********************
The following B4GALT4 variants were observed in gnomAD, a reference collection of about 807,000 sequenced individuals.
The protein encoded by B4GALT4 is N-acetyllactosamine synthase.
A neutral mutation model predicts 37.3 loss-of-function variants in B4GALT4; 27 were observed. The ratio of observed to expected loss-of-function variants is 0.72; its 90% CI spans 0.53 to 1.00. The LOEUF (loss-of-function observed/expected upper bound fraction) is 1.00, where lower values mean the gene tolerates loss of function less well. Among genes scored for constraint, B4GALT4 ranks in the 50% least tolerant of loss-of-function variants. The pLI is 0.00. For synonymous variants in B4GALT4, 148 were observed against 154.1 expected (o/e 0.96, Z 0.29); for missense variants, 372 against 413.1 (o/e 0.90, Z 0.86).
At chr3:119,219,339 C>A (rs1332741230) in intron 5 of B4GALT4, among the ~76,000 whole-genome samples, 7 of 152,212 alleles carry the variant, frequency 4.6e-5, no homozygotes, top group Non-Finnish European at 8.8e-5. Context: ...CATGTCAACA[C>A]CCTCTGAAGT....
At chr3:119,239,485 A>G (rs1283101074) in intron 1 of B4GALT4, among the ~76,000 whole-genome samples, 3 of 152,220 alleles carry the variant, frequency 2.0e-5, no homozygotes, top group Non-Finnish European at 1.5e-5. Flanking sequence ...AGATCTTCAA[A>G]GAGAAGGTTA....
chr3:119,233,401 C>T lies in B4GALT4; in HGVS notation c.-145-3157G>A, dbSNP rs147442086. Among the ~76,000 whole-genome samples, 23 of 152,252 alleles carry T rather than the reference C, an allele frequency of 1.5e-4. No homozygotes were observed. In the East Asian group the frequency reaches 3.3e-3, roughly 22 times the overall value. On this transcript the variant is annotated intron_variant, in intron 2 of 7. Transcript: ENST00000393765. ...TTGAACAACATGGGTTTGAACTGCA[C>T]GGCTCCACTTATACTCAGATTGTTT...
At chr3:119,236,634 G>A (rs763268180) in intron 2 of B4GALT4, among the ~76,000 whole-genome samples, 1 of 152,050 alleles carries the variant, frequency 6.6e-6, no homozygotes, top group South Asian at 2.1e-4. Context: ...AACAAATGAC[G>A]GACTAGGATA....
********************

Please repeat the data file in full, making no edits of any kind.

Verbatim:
The following B4GALT4 variants were observed in gnomAD, a reference collection of about 807,000 sequenced individuals.
The protein encoded by B4GALT4 is N-acetyllactosamine synthase.
A neutral mutation model predicts 37.3 loss-of-function variants in B4GALT4; 27 were observed. The ratio of observed to expected loss-of-function variants is 0.72; its 90% CI spans 0.53 to 1.00. The LOEUF (loss-of-function observed/expected upper bound fraction) is 1.00, where lower values mean the gene tolerates loss of function less well. Among genes scored for constraint, B4GALT4 ranks in the 50% least tolerant of loss-of-function variants. The pLI is 0.00. For synonymous variants in B4GALT4, 148 were observed against 154.1 expected (o/e 0.96, Z 0.29); for missense variants, 372 against 413.1 (o/e 0.90, Z 0.86).
At chr3:119,219,339 C>A (rs1332741230) in intron 5 of B4GALT4, among the ~76,000 whole-genome samples, 7 of 152,212 alleles carry the variant, frequency 4.6e-5, no homozygotes, top group Non-Finnish European at 8.8e-5. Context: ...CATGTCAACA[C>A]CCTCTGAAGT....
At chr3:119,239,485 A>G (rs1283101074) in intron 1 of B4GALT4, among the ~76,000 whole-genome samples, 3 of 152,220 alleles carry the variant, frequency 2.0e-5, no homozygotes, top group Non-Finnish European at 1.5e-5. Flanking sequence ...AGATCTTCAA[A>G]GAGAAGGTTA....
chr3:119,233,401 C>T lies in B4GALT4; in HGVS notation c.-145-3157G>A, dbSNP rs147442086. Among the ~76,000 whole-genome samples, 23 of 152,252 alleles carry T rather than the reference C, an allele frequency of 1.5e-4. No homozygotes were observed. In the East Asian group the frequency reaches 3.3e-3, roughly 22 times the overall value. On this transcript the variant is annotated intron_variant, in intron 2 of 7. Transcript: ENST00000393765. ...TTGAACAACATGGGTTTGAACTGCA[C>T]GGCTCCACTTATACTCAGATTGTTT...
At chr3:119,236,634 G>A (rs763268180) in intron 2 of B4GALT4, among the ~76,000 whole-genome samples, 1 of 152,050 alleles carries the variant, frequency 6.6e-6, no homozygotes, top group South Asian at 2.1e-4. Context: ...AACAAATGAC[G>A]GACTAGGATA....